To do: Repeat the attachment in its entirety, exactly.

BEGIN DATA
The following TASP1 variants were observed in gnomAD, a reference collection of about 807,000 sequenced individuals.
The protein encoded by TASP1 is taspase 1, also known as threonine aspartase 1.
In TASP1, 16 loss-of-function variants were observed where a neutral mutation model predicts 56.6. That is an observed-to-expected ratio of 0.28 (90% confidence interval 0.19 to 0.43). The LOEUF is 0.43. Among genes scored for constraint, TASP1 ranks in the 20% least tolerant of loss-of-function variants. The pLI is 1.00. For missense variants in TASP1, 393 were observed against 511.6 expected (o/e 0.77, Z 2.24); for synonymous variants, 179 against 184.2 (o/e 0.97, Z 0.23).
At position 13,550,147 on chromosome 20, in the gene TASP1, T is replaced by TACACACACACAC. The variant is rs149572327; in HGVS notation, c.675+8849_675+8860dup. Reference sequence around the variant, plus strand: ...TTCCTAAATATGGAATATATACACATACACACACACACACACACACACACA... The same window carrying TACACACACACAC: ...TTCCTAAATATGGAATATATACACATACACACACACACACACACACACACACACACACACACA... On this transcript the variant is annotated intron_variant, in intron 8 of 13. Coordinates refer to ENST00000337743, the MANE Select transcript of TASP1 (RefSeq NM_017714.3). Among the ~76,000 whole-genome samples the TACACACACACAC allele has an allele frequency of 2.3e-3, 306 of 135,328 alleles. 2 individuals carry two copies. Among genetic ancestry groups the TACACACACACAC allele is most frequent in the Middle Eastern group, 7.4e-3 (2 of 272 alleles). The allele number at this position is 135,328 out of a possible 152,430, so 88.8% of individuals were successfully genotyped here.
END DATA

The following TASP1 variants were observed in gnomAD, a reference collection of about 807,000 sequenced individuals.
The protein encoded by TASP1 is taspase 1, also known as threonine aspartase 1.
In TASP1, 16 loss-of-function variants were observed where a neutral mutation model predicts 56.6. That is an observed-to-expected ratio of 0.28 (90% confidence interval 0.19 to 0.43). The LOEUF is 0.43. Among genes scored for constraint, TASP1 ranks in the 20% least tolerant of loss-of-function variants. The pLI is 1.00. For missense variants in TASP1, 393 were observed against 511.6 expected (o/e 0.77, Z 2.24); for synonymous variants, 179 against 184.2 (o/e 0.97, Z 0.23).
At position 13,550,147 on chromosome 20, in the gene TASP1, T is replaced by TACACACACACAC. The variant is rs149572327; in HGVS notation, c.675+8849_675+8860dup. Reference sequence around the variant, plus strand: ...TTCCTAAATATGGAATATATACACATACACACACACACACACACACACACA... The same window carrying TACACACACACAC: ...TTCCTAAATATGGAATATATACACATACACACACACACACACACACACACACACACACACACA... On this transcript the variant is annotated intron_variant, in intron 8 of 13. Coordinates refer to ENST00000337743, the MANE Select transcript of TASP1 (RefSeq NM_017714.3). Among the ~76,000 whole-genome samples the TACACACACACAC allele has an allele frequency of 2.3e-3, 306 of 135,328 alleles. 2 individuals carry two copies. Among genetic ancestry groups the TACACACACACAC allele is most frequent in the Middle Eastern group, 7.4e-3 (2 of 272 alleles). The allele number at this position is 135,328 out of a possible 152,430, so 88.8% of individuals were successfully genotyped here.